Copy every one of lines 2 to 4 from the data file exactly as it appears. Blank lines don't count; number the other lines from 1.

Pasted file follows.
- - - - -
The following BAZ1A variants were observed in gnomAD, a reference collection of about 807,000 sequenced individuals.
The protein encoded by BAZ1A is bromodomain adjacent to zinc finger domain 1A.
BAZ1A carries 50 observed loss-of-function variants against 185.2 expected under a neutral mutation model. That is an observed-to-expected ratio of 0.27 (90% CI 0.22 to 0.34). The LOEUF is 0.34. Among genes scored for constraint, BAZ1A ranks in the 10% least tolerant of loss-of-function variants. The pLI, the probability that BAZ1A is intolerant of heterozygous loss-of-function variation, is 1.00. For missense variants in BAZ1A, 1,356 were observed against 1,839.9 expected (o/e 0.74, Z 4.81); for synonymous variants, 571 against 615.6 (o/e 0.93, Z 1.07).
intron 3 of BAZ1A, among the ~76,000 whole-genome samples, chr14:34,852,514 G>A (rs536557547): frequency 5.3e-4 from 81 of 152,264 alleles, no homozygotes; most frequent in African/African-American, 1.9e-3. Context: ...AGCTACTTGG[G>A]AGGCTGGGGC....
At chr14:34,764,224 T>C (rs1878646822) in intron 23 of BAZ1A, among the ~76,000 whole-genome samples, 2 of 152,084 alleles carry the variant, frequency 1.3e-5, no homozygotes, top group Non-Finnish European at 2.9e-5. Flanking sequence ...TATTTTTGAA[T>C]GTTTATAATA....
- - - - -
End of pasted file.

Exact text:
The protein encoded by BAZ1A is bromodomain adjacent to zinc finger domain 1A.
BAZ1A carries 50 observed loss-of-function variants against 185.2 expected under a neutral mutation model. That is an observed-to-expected ratio of 0.27 (90% CI 0.22 to 0.34). The LOEUF is 0.34. Among genes scored for constraint, BAZ1A ranks in the 10% least tolerant of loss-of-function variants. The pLI, the probability that BAZ1A is intolerant of heterozygous loss-of-function variation, is 1.00. For missense variants in BAZ1A, 1,356 were observed against 1,839.9 expected (o/e 0.74, Z 4.81); for synonymous variants, 571 against 615.6 (o/e 0.93, Z 1.07).
intron 3 of BAZ1A, among the ~76,000 whole-genome samples, chr14:34,852,514 G>A (rs536557547): frequency 5.3e-4 from 81 of 152,264 alleles, no homozygotes; most frequent in African/African-American, 1.9e-3. Context: ...AGCTACTTGG[G>A]AGGCTGGGGC....